Q is for Quixotic

Kids talk to me all day long. To keep myself interested, I filter through the streams of consciousness for bits of dialog I want to remember or write into a different context. Most of what they say flows through me, questions asked and answered, complaints contended with and released, problems solved or postponed.

Yesterday a student said, “I just realized something, Dr. F. Since you started here in December, you’ve been here every day!”

I said, “Well, that’s not exactly true, I was gone one day because I went to DC.”

“Yeah, but you told me you weren’t gonna be here.”

I smiled. “It’s my job to be here, so I’m here.”

“Yeah, but ever since you started, I can get a book whenever I want. I just realized that just now.”

And 36 hours later, I just realized what a nice thing he was trying to say.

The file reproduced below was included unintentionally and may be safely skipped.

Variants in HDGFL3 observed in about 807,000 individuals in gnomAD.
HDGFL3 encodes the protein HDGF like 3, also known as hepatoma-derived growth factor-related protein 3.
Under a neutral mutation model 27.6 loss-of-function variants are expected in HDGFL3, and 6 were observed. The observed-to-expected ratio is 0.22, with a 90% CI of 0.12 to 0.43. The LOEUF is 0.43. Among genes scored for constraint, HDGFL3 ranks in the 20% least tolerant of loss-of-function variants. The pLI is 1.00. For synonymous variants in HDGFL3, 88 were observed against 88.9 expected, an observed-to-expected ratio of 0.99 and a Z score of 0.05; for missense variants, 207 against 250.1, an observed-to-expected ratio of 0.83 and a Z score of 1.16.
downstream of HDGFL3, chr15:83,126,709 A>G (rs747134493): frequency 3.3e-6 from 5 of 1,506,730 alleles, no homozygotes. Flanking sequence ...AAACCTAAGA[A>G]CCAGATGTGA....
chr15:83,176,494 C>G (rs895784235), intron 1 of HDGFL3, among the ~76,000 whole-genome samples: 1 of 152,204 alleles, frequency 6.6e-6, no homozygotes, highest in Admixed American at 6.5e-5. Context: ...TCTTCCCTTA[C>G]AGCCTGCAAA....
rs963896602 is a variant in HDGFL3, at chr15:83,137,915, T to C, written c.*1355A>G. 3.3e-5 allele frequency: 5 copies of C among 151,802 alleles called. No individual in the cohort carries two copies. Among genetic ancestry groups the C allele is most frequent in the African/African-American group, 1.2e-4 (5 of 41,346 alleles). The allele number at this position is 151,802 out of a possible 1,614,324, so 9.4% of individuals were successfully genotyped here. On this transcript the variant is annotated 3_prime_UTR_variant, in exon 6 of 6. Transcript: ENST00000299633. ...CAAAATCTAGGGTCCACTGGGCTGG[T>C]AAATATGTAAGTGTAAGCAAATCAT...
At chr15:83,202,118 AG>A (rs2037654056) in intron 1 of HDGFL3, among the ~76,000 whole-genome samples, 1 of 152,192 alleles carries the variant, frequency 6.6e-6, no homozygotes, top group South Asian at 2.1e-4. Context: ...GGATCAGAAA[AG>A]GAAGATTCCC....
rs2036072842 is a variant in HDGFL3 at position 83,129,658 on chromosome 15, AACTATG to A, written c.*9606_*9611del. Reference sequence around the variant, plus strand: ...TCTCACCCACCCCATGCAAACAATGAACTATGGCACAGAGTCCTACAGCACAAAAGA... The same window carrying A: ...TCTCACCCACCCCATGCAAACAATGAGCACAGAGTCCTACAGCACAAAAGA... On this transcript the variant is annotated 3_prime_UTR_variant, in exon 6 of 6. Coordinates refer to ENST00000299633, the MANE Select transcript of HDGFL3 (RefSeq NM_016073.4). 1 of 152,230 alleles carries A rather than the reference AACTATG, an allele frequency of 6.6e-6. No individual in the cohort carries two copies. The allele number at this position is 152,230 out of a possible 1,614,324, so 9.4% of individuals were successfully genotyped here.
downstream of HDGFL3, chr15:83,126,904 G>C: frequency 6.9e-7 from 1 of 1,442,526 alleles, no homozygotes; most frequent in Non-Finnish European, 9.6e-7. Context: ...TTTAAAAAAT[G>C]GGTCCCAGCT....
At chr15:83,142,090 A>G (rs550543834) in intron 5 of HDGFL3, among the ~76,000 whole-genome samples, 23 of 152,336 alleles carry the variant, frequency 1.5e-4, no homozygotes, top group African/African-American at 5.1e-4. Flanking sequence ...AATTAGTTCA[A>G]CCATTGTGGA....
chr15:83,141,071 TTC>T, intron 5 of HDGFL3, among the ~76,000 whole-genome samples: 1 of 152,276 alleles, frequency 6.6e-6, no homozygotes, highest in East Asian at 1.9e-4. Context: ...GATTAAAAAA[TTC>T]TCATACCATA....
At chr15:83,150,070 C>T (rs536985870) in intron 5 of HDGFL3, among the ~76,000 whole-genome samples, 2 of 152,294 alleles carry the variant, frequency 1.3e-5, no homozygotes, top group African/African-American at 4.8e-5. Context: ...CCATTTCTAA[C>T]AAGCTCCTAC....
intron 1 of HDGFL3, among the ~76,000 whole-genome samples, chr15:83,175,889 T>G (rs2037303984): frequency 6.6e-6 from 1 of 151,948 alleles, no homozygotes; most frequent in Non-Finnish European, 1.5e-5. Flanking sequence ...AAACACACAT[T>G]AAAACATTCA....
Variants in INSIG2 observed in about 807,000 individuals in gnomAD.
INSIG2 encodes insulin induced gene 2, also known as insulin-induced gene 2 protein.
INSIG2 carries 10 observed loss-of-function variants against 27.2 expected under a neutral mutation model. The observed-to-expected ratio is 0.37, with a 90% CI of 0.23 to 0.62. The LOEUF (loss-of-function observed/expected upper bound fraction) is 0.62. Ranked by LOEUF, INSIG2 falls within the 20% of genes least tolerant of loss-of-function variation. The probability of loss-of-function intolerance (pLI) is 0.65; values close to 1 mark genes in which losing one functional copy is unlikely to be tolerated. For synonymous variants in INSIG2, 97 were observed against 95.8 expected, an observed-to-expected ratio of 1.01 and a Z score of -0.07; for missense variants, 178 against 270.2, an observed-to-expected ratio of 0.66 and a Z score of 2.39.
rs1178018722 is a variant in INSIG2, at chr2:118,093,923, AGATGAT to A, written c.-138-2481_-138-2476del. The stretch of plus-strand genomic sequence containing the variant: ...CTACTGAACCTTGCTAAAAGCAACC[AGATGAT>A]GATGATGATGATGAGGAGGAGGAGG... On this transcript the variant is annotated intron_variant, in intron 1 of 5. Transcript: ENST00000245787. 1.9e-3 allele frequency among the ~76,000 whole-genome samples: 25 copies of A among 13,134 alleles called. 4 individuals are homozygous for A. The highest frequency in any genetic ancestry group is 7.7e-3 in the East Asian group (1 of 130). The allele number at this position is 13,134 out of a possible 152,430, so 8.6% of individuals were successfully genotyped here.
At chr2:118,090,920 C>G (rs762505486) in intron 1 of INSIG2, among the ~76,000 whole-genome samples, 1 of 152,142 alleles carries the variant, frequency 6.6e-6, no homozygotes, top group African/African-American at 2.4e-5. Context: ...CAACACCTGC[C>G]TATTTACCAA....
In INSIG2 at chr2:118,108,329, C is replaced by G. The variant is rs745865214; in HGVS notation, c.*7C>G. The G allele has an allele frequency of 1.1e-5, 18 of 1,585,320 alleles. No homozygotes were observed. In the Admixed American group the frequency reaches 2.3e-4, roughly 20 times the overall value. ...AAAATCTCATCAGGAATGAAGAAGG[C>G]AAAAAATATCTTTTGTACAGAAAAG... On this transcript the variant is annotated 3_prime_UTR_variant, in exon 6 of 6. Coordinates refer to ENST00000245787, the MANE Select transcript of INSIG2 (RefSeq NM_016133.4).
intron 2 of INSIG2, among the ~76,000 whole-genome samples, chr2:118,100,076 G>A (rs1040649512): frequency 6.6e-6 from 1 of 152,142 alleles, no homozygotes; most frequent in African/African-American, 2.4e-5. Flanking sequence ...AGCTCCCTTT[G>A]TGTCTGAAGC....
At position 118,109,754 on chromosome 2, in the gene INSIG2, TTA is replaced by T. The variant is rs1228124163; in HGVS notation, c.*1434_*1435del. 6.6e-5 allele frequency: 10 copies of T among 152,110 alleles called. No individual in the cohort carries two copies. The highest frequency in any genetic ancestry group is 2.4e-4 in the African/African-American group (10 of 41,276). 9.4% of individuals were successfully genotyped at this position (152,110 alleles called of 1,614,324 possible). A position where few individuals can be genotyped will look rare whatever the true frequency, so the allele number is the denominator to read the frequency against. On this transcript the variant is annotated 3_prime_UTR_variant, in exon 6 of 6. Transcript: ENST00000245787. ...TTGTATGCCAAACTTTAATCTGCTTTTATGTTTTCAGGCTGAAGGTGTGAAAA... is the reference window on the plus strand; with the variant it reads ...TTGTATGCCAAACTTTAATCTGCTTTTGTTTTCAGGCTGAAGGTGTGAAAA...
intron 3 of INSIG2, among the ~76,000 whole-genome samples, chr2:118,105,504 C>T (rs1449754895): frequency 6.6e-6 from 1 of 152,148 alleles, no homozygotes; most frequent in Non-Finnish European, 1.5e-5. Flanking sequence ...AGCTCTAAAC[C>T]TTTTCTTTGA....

P is for Power Rangers

Years before Facebook, if I wondered about some of my old middle and high school classmates, I could always check the Illinois Inmate Search. It was a handy tool to keep track of some folks I hadn’t kept up with after leaving home. It couldn’t help me with my eighth grade science partner, who was in federal prison for drug trafficking (although just recently released — apparently the federal government now has a tool, as well, but it’s much less informative and doesn’t have pictures.) But for the state level offenses, I was rather adept at guessing who I’d find.